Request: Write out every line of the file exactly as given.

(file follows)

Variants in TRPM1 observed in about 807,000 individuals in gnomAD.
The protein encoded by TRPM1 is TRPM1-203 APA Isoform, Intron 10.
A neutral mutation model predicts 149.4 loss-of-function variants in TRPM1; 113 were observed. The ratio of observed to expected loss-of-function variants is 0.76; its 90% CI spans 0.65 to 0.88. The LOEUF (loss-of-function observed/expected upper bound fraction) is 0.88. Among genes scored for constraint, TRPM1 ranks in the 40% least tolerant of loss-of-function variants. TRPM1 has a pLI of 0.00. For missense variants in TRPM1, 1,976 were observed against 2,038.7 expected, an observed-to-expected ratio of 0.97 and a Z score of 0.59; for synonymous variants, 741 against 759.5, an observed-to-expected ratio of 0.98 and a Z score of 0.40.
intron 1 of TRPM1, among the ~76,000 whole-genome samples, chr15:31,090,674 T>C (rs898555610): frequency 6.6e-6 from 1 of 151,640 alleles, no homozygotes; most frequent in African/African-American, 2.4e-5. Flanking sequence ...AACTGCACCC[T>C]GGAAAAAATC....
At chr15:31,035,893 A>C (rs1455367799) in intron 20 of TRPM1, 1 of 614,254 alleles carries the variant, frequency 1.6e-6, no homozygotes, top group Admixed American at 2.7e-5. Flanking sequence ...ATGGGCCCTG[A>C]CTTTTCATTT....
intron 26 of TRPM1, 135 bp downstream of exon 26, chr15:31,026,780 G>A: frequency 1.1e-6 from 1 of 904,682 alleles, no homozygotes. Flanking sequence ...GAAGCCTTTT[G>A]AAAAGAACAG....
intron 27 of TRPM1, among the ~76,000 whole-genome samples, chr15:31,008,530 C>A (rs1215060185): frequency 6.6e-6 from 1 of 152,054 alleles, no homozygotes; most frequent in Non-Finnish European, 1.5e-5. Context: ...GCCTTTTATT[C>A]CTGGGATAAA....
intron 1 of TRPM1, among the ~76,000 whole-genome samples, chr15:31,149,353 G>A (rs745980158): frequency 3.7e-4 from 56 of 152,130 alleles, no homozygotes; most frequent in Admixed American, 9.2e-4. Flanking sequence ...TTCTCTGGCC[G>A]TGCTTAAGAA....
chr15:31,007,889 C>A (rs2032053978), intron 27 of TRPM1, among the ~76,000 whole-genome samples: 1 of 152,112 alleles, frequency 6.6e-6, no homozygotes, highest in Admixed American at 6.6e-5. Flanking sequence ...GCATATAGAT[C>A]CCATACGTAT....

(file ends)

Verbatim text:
Variants in TRPM1 observed in about 807,000 individuals in gnomAD.
The protein encoded by TRPM1 is TRPM1-203 APA Isoform, Intron 10.
A neutral mutation model predicts 149.4 loss-of-function variants in TRPM1; 113 were observed. The ratio of observed to expected loss-of-function variants is 0.76; its 90% CI spans 0.65 to 0.88. The LOEUF (loss-of-function observed/expected upper bound fraction) is 0.88. Among genes scored for constraint, TRPM1 ranks in the 40% least tolerant of loss-of-function variants. TRPM1 has a pLI of 0.00. For missense variants in TRPM1, 1,976 were observed against 2,038.7 expected, an observed-to-expected ratio of 0.97 and a Z score of 0.59; for synonymous variants, 741 against 759.5, an observed-to-expected ratio of 0.98 and a Z score of 0.40.
intron 1 of TRPM1, among the ~76,000 whole-genome samples, chr15:31,090,674 T>C (rs898555610): frequency 6.6e-6 from 1 of 151,640 alleles, no homozygotes; most frequent in African/African-American, 2.4e-5. Flanking sequence ...AACTGCACCC[T>C]GGAAAAAATC....
At chr15:31,035,893 A>C (rs1455367799) in intron 20 of TRPM1, 1 of 614,254 alleles carries the variant, frequency 1.6e-6, no homozygotes, top group Admixed American at 2.7e-5. Flanking sequence ...ATGGGCCCTG[A>C]CTTTTCATTT....
intron 26 of TRPM1, 135 bp downstream of exon 26, chr15:31,026,780 G>A: frequency 1.1e-6 from 1 of 904,682 alleles, no homozygotes. Flanking sequence ...GAAGCCTTTT[G>A]AAAAGAACAG....
intron 27 of TRPM1, among the ~76,000 whole-genome samples, chr15:31,008,530 C>A (rs1215060185): frequency 6.6e-6 from 1 of 152,054 alleles, no homozygotes; most frequent in Non-Finnish European, 1.5e-5. Context: ...GCCTTTTATT[C>A]CTGGGATAAA....
intron 1 of TRPM1, among the ~76,000 whole-genome samples, chr15:31,149,353 G>A (rs745980158): frequency 3.7e-4 from 56 of 152,130 alleles, no homozygotes; most frequent in Admixed American, 9.2e-4. Flanking sequence ...TTCTCTGGCC[G>A]TGCTTAAGAA....
chr15:31,007,889 C>A (rs2032053978), intron 27 of TRPM1, among the ~76,000 whole-genome samples: 1 of 152,112 alleles, frequency 6.6e-6, no homozygotes, highest in Admixed American at 6.6e-5. Flanking sequence ...GCATATAGAT[C>A]CCATACGTAT....